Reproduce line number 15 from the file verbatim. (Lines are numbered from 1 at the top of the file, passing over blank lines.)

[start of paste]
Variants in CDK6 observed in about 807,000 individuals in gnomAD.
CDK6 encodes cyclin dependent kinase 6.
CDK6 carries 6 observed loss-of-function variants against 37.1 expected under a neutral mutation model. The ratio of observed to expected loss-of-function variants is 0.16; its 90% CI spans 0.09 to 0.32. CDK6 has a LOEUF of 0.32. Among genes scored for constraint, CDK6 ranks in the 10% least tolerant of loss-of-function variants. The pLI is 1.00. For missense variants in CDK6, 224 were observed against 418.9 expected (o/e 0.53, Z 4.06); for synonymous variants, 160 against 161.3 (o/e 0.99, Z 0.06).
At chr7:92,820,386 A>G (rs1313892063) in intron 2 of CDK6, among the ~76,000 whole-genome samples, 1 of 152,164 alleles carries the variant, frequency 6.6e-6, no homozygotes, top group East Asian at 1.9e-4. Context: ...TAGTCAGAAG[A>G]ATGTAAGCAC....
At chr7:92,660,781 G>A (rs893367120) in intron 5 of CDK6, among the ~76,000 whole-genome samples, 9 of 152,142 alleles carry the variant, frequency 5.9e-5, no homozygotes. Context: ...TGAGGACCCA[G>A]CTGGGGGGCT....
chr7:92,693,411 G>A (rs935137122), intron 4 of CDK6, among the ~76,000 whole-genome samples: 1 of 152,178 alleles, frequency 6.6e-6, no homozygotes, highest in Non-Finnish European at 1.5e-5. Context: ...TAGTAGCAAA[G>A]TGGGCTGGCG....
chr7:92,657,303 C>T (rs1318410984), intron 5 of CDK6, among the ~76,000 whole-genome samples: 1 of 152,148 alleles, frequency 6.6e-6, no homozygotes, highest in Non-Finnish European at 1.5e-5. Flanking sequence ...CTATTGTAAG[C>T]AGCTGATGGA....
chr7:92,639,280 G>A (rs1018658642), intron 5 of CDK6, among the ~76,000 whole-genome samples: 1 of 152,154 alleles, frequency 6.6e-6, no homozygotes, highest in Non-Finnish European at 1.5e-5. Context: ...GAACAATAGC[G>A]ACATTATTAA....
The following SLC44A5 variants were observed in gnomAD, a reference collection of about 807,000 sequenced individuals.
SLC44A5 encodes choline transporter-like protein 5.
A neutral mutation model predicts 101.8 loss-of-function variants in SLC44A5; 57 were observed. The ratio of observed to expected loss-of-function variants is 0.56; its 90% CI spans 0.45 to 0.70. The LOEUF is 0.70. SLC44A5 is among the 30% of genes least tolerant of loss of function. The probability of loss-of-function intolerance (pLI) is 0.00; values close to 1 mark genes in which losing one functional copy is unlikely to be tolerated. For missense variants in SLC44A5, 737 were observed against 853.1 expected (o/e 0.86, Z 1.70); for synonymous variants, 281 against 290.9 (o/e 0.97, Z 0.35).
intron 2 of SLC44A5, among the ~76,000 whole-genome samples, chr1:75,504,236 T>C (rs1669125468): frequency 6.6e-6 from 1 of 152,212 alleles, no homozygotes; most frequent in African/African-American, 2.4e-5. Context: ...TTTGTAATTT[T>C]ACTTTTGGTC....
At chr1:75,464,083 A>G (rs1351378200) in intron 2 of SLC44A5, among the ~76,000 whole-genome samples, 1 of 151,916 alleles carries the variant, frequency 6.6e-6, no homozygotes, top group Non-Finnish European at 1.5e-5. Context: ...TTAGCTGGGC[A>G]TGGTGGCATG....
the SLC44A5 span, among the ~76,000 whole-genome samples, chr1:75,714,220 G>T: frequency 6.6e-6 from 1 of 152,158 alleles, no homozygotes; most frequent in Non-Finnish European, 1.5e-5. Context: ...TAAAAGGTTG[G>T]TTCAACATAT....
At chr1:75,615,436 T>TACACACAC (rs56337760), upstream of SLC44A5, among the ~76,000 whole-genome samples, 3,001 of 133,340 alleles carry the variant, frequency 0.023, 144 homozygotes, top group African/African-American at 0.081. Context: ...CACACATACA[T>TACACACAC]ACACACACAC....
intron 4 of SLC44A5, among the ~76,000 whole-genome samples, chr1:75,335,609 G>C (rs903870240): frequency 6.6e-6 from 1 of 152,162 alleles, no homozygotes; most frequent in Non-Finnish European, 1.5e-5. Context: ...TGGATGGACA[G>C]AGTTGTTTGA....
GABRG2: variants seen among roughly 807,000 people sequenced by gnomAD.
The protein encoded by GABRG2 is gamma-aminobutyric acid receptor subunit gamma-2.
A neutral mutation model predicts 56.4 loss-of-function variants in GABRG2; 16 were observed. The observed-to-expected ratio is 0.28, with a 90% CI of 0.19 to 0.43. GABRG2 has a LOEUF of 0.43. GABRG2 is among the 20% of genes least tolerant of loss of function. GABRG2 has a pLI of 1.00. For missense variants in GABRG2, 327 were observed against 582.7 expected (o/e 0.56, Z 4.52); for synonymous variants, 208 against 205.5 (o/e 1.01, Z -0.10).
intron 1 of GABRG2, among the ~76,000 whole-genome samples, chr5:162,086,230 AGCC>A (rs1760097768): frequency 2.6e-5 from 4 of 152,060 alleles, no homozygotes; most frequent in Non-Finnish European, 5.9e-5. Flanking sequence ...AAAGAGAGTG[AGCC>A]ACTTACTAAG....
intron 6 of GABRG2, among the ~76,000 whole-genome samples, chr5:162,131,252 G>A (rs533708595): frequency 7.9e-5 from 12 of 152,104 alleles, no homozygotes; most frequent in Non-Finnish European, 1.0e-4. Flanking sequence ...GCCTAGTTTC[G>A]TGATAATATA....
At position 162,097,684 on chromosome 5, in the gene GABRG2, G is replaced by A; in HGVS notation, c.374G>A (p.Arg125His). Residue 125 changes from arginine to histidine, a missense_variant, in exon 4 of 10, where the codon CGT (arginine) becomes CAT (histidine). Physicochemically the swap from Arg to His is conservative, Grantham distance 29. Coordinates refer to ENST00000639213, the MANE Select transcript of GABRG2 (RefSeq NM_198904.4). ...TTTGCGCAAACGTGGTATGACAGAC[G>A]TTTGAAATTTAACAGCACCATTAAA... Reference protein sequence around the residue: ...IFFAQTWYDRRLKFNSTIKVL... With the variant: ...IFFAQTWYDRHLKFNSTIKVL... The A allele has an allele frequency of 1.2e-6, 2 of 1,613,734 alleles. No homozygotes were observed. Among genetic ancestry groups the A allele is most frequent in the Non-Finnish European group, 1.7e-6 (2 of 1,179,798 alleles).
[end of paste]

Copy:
At chr1:75,615,436 T>TACACACAC (rs56337760), upstream of SLC44A5, among the ~76,000 whole-genome samples, 3,001 of 133,340 alleles carry the variant, frequency 0.023, 144 homozygotes, top group African/African-American at 0.081. Context: ...CACACATACA[T>TACACACAC]ACACACACAC....